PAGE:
The bank said its survey of 1,000 people indicated financial difficulties faced during the pandemic and rising house prices meant external support had become a “necessity” in the past year.
Those using their inheritance to buy a home increased from six per cent in March 2020 to 27 per cent last month.
There was also a jump in first-time buyers seeking assistance from friends. Last year, four per cent of new prospective homeowners relied on their friends for a deposit but in March this year, that proportion increased to 24 per cent.
Two-thirds of first-time buyers relied on their own savings for a deposit, no change from last year. Buyers using joint savings with a partner also stayed largely flat at 45 per cent — a slight uptick from 43 per cent last year.
Cash raising methods
The different ways in which parents are choosing to raise money to help their children has changed too, the survey found.
Some 38 per cent remortgaged to raise capital compared to seven per cent last year, while the proportion of parents who sold an asset rose from nine to 38 per cent.
Some 36 per cent used the equity in their homes, up from nine per cent last year.
As the pandemic has had an impact on most people’s finances, the survey found fewer parents were using their savings to help as just 35 per cent did so compared to 55 per cent last year.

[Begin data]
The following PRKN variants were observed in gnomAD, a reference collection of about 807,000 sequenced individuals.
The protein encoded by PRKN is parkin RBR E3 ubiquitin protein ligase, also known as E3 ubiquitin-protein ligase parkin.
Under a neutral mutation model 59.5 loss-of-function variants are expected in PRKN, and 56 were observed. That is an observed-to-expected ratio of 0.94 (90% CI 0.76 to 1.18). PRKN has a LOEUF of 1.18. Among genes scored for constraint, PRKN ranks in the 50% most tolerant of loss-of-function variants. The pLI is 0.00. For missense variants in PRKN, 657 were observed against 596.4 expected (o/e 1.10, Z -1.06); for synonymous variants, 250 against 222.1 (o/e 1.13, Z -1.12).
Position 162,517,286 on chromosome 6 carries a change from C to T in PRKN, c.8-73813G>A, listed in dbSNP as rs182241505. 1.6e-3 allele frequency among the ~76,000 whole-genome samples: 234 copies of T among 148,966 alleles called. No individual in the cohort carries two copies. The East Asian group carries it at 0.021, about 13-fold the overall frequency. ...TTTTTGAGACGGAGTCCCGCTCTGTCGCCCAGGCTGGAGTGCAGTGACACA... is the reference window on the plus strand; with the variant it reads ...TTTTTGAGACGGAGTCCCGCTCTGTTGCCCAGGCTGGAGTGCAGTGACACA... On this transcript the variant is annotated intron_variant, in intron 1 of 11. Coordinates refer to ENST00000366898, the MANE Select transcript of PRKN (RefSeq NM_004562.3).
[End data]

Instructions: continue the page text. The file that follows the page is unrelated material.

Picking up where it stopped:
Some 18 per cent moved or downsized, a similar proportion to those who sold a second or investment property to help their children put down a deposit.
The proportion of parents who took a cash lump sum from their pension accounted for 17 per cent while those who used stocks and shares represented 16 per cent.
A further 16 per cent liquidised their investments and 11 per cent sold their business to assist their children.
Support is now a ‘necessity’
Jon Cooper, head of mortgage distribution at Aldermore said: “Young people have had a stark fall in home ownership the past two decades, as the challenging environment of high house prices, shortage of suitable homes, and weak wage growth have hindered home buying chances.
“The Covid-19 pandemic has only increased the difficulties faced by new buyers meaning support from the Bank of Mum and Dad has increasingly become a necessity, rather than just a helping hand.
He added: “This generation of first-time buyer is more diverse in financial circumstances than ever before, but there are also more pathways to home ownership than a decade ago.
“It may feel daunting and confusing at times so we would recommend seeking advice from a mortgage broker that can give a whole of market view of both high street and specialist lenders.”